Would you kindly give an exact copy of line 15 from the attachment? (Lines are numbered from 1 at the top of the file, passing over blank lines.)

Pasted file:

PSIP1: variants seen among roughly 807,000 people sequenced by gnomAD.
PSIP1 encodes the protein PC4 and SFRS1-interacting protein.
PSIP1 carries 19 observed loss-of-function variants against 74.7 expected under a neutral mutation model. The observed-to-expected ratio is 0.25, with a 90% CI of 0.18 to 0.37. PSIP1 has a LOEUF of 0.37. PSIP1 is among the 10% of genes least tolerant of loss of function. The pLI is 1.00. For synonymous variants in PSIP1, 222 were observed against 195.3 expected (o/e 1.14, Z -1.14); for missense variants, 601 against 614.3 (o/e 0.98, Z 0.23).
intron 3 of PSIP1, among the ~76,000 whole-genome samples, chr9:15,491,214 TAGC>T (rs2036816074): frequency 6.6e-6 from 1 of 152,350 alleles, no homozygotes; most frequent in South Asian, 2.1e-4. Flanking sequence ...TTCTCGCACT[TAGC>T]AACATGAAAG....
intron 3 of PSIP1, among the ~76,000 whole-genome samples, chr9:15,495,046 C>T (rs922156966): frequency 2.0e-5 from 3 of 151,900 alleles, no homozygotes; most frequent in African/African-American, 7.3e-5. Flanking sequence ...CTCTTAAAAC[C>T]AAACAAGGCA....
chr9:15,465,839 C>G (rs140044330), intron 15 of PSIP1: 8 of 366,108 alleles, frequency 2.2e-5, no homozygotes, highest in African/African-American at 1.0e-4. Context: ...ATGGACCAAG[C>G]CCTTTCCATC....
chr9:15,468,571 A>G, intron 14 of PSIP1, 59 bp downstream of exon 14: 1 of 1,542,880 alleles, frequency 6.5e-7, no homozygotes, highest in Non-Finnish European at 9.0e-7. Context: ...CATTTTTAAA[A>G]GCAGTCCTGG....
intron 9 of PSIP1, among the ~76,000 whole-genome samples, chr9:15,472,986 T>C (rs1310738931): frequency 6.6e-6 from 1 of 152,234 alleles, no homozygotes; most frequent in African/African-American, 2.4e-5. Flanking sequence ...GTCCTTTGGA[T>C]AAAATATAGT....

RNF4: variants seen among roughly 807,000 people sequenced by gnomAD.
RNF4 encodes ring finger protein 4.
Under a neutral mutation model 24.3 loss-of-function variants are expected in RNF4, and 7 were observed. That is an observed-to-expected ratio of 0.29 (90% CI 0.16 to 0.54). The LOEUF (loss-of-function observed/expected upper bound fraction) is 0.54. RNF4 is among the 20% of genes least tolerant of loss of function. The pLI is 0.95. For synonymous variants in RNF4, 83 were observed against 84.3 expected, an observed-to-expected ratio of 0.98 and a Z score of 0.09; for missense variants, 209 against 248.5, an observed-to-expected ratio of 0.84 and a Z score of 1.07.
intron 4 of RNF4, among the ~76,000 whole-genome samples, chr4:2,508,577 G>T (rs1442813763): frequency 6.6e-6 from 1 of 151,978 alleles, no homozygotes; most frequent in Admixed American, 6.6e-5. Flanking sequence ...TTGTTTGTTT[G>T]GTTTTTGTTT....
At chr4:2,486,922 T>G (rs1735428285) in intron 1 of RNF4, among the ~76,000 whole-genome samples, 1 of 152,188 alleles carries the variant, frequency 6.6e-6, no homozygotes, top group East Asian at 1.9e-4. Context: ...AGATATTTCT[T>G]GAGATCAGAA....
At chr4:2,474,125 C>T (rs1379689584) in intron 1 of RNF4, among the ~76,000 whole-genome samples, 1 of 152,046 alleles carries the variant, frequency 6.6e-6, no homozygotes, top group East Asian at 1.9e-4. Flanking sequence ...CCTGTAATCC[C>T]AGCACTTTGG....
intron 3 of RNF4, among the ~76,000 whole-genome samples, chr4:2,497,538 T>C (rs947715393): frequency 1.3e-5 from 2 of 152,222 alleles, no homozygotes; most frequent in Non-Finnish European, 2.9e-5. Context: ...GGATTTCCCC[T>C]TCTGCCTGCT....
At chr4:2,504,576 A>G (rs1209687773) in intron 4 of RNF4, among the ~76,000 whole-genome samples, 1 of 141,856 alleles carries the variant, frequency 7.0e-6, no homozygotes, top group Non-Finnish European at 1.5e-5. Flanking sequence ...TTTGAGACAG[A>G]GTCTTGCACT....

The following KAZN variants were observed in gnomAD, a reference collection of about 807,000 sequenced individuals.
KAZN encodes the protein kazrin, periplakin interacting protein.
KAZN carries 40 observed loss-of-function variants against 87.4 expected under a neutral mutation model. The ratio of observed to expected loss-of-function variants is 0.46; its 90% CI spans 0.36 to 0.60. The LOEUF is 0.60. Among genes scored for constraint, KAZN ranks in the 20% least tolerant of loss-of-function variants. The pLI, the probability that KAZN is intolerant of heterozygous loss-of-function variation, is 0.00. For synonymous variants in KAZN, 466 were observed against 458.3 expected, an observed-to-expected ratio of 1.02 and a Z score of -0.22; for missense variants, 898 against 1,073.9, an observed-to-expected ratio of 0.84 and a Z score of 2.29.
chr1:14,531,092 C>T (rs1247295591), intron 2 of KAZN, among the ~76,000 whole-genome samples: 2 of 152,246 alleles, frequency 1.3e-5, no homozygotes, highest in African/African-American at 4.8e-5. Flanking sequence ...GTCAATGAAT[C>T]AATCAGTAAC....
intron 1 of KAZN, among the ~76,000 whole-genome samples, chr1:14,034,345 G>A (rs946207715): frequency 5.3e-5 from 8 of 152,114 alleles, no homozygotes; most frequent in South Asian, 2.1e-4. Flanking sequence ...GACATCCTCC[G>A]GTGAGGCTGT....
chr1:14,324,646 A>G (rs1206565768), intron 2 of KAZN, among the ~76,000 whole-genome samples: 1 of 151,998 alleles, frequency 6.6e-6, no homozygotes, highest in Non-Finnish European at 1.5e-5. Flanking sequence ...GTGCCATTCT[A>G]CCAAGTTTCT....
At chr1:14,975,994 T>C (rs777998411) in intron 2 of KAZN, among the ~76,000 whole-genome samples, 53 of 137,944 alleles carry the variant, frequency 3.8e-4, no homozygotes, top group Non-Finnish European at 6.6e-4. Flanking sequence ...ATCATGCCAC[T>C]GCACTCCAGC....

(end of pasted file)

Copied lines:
intron 3 of RNF4, among the ~76,000 whole-genome samples, chr4:2,497,538 T>C (rs947715393): frequency 1.3e-5 from 2 of 152,222 alleles, no homozygotes; most frequent in Non-Finnish European, 2.9e-5. Context: ...GGATTTCCCC[T>C]TCTGCCTGCT....